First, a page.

Open banking has grown overnight. It started with the PSD2 regulation for Europe in 2018. Open banking is now adopted in Australia, several parts of Asia, Latin America, and many other regions.
Here are a few facts to understand what open banking is and why you should consider building a strategy around it.
What is Open Banking and Why Was It Created?
Open banking requires all financial institutions (deposit taking institutions) to open up customer and/or payment data to third party providers. Open banking breaks up the monopolies of financial services and allows more players to enter the market. This increases competition and results in better products and services for customers.
As time went on, non regulated regions started to accept that open banking was the best way to become more digitally agile. Therefore, they started taking measures to open up their APIs. Regions like Mexico are looking at open banking for larger financial inclusion agendas.
How Does Open Banking Work?
The “opening up” of this data is done via Application Programming Interfaces (APIs). APIs, which are essentially an integral part of any technology infrastructure, provide a secure and effective way to expose this data. In the past, banks have used screen scraping to expose data. This comes with a compromise on security with a high chance for fraudulent transactions.
How is Data Protected in Open Banking?
Security is of utmost importance in open banking. While security at an API management level is essential, banks must take extra steps to ensure that data does not fall into the wrong hands. Mechanisms like Strong Customer Authentication (SCA) and Consent Management are vital. SCA ensures that a two step authentication mechanism is followed, but without hindrance to user experience.
Consent management puts the user in control of who they share their data with. When you implement identity and access management for open banking, these two elements should be a top priority. It also helps to have fraud detection mechanisms in place, as a way of identifying fraudulent transactions.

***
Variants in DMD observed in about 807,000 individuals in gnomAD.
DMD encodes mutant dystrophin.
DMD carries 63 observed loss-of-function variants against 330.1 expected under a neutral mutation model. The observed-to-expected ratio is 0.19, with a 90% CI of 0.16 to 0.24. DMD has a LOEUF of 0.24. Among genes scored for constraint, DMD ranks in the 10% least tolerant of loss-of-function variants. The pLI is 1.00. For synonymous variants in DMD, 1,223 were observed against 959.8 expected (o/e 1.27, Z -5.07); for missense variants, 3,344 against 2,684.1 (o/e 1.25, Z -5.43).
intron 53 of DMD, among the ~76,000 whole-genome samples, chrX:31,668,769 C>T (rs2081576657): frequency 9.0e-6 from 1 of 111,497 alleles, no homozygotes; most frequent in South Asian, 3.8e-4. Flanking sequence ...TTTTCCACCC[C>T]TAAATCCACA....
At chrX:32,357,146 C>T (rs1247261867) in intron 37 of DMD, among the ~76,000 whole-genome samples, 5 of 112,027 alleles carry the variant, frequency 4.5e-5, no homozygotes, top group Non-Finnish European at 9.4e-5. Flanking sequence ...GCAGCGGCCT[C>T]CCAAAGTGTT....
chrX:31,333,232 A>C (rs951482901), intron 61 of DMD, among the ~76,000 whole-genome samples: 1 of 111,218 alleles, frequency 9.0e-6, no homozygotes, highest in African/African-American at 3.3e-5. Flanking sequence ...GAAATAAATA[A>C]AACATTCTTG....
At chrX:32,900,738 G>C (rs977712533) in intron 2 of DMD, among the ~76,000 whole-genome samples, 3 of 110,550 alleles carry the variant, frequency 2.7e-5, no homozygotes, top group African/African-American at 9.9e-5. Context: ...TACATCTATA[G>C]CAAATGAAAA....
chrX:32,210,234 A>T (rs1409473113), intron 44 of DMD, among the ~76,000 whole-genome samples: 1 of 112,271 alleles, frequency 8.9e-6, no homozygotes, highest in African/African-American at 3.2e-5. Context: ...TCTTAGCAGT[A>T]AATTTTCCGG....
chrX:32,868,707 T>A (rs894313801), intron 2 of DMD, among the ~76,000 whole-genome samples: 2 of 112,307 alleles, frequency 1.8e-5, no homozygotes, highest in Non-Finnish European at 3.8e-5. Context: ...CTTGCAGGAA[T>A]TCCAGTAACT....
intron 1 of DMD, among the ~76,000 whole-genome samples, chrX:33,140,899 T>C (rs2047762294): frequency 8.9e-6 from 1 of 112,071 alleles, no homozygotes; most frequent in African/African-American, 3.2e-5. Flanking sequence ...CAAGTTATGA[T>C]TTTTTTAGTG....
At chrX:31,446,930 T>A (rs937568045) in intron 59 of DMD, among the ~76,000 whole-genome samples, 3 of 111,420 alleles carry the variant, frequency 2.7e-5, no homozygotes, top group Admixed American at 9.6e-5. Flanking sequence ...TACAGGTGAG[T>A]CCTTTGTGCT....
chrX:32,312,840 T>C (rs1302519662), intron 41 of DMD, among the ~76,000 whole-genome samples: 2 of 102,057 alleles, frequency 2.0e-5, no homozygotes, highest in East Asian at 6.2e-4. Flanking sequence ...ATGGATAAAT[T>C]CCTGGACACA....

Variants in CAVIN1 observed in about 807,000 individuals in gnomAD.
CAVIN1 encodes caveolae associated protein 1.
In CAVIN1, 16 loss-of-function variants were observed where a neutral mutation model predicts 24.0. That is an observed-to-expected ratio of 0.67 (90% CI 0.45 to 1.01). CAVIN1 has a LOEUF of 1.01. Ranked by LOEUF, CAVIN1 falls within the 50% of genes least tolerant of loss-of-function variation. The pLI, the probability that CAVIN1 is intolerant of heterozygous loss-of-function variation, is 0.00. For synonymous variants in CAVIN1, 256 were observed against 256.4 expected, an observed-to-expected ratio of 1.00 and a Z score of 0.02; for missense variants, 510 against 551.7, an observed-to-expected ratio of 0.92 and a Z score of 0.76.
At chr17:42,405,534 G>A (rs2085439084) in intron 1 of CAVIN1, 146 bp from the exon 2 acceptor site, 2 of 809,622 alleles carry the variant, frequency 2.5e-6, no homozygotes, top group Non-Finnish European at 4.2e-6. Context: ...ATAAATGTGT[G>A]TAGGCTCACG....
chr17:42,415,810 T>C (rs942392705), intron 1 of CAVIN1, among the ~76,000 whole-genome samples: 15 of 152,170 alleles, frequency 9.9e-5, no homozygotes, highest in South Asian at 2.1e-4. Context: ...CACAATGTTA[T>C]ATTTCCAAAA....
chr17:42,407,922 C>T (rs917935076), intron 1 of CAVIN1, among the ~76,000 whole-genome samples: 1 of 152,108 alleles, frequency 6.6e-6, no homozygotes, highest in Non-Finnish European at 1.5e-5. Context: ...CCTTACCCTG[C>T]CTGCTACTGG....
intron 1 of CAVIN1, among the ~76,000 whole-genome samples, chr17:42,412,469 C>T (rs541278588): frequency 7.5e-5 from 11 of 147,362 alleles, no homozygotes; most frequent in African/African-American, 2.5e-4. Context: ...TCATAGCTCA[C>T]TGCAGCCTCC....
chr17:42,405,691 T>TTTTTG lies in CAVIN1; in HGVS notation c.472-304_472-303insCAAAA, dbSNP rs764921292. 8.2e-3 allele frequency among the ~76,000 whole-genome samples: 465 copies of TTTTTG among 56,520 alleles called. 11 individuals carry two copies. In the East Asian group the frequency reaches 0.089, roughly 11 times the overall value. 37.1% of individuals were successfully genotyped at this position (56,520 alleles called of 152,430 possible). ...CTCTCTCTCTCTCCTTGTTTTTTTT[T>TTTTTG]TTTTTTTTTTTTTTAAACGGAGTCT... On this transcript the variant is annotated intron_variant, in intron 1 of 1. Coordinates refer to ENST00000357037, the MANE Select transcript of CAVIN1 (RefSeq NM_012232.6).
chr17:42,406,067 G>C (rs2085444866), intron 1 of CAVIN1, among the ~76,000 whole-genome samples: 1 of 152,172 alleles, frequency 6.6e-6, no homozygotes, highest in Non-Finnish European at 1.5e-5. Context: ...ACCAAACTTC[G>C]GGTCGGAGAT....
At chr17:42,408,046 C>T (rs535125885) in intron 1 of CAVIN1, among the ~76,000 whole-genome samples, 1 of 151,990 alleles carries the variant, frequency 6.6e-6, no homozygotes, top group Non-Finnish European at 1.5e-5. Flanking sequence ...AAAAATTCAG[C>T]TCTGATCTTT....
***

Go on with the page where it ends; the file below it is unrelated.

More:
Are There Technology Standards to Meet?
Since the APIs used for open banking need to follow certain protocols and adhere to specific requirements, there are a few open banking API standards available. Open Banking UK API Standard, the NEXTGEN PSD2 API Standard (created by the Berlin Group), and the STET API specification are three of the most commonly used standards.
How Do You Integrate an Open Banking Architecture with a Legacy System?
One of the biggest challenges banks face is bringing together what seems to be two different worlds — open API architectures and legacy systems. In reality, it doesn’t have to be so difficult. The first thing to do is to add an integration layer which will mediate between the legacy system and Open APIs. This allows you to expose the required services to the open banking solution, which will in turn expose them as APIs with the required security measures in place. More details are available in this white paper.
Why an Open Banking Vision is Important
The availability of data and various methods to compare and contrast services create high expectations for consumers.This means banks need to go the distance — being a supporter of a person’s financial ecosystem is not enough. They need to think about improving consumer lifestyles too.
Open banking is the best way to start this journey. The openness it creates gives way to a tremendous amount of data. This data helps you understand how your consumers, eat, shop, travel, and more. With more players in the financial services ecosystem, banks should aim for collaboration over competition.
These collaborations can go a long way in delivering superior products and services to customers, and helping your bank identify as a true contributor to consumer well being.
In conclusion, open banking is here to stay. So regardless of what the regulatory status is, banks need to be proactive about open banking and make it a boardroom topic. The sooner you start, the better placed you are when it reaches your region.